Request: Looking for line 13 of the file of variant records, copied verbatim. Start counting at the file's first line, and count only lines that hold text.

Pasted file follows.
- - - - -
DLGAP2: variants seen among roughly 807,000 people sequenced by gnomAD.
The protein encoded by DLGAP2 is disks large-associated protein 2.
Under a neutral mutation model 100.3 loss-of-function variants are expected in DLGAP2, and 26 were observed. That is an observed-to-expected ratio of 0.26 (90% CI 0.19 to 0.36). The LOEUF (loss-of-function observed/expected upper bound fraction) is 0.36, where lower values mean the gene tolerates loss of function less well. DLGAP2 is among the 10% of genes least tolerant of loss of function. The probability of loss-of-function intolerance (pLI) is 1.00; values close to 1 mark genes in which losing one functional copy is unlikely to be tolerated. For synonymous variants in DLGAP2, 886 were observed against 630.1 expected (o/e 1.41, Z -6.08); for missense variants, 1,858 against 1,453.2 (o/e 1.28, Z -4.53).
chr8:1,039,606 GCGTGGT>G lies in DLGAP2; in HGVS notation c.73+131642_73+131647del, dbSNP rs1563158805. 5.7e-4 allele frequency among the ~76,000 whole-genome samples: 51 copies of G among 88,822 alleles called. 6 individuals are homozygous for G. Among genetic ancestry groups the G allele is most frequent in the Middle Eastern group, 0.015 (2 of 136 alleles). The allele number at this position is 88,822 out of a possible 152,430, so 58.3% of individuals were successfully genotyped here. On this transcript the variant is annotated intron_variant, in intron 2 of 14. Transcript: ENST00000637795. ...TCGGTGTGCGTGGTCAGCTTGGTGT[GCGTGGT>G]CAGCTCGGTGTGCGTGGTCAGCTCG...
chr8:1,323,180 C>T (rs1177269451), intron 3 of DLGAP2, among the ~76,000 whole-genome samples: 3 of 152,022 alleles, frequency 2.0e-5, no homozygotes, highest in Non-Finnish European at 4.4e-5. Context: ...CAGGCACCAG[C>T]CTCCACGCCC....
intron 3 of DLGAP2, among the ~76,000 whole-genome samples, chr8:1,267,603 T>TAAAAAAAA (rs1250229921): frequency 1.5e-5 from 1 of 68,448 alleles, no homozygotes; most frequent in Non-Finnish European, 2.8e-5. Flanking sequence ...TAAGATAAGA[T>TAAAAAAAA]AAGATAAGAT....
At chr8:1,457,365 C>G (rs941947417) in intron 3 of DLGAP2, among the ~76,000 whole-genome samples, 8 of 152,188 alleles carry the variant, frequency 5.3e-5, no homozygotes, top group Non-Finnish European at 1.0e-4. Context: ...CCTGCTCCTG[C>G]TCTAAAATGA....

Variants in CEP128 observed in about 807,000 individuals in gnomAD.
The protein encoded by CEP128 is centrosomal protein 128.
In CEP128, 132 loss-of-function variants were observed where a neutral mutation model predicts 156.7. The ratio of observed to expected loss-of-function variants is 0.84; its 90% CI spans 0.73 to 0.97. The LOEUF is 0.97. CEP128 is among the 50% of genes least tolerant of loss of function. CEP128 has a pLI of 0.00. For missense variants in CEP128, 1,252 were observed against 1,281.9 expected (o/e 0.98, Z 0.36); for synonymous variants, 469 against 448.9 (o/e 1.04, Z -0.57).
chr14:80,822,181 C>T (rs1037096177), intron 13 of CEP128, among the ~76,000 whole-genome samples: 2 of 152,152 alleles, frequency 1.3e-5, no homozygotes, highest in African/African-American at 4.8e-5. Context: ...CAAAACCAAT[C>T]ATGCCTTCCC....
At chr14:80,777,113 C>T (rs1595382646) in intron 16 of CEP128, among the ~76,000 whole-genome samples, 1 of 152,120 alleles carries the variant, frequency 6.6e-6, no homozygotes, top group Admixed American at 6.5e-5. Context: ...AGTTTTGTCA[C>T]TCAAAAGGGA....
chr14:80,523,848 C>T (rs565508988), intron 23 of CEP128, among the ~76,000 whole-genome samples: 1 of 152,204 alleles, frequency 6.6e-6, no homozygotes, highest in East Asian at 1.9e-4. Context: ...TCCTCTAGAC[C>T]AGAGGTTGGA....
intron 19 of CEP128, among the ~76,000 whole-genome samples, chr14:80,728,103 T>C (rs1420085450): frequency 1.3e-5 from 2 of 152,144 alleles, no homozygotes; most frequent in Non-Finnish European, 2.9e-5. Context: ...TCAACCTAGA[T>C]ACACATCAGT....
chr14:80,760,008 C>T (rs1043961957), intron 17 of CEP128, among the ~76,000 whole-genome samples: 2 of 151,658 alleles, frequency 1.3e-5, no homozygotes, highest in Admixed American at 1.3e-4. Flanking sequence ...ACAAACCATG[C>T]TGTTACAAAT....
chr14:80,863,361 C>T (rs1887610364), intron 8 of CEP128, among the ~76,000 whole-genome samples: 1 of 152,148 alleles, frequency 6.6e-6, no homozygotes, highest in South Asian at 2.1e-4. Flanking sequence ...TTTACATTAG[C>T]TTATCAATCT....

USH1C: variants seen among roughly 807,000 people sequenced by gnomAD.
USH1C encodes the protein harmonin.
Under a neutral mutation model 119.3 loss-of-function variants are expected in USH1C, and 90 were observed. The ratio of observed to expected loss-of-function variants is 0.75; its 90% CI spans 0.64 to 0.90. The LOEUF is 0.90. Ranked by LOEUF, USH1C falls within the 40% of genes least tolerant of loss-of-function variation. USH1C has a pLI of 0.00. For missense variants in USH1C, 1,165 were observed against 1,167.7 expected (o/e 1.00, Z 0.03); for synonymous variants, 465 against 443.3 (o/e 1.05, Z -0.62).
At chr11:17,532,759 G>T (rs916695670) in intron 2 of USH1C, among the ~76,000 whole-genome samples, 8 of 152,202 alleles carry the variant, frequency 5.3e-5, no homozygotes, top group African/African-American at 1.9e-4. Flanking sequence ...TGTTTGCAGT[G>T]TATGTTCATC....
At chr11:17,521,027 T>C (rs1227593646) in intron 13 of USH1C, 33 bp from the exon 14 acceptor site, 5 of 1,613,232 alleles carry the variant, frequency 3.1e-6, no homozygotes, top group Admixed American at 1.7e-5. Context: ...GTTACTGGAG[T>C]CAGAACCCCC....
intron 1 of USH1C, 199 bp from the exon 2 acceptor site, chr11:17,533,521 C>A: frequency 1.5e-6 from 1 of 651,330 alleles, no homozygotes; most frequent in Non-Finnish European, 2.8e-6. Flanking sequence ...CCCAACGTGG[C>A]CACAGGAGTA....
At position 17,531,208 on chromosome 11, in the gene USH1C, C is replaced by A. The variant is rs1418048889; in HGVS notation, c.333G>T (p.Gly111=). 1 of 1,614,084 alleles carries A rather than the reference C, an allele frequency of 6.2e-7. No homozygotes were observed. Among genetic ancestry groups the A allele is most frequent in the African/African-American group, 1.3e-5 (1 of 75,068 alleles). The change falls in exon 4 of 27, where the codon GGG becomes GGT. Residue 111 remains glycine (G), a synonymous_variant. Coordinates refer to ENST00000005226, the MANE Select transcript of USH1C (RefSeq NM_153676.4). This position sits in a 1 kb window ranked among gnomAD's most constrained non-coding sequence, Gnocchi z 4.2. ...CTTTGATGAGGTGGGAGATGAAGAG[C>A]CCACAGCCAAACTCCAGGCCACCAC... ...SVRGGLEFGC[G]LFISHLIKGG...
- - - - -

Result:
chr14:80,523,848 C>T (rs565508988), intron 23 of CEP128, among the ~76,000 whole-genome samples: 1 of 152,204 alleles, frequency 6.6e-6, no homozygotes, highest in East Asian at 1.9e-4. Context: ...TCCTCTAGAC[C>T]AGAGGTTGGA....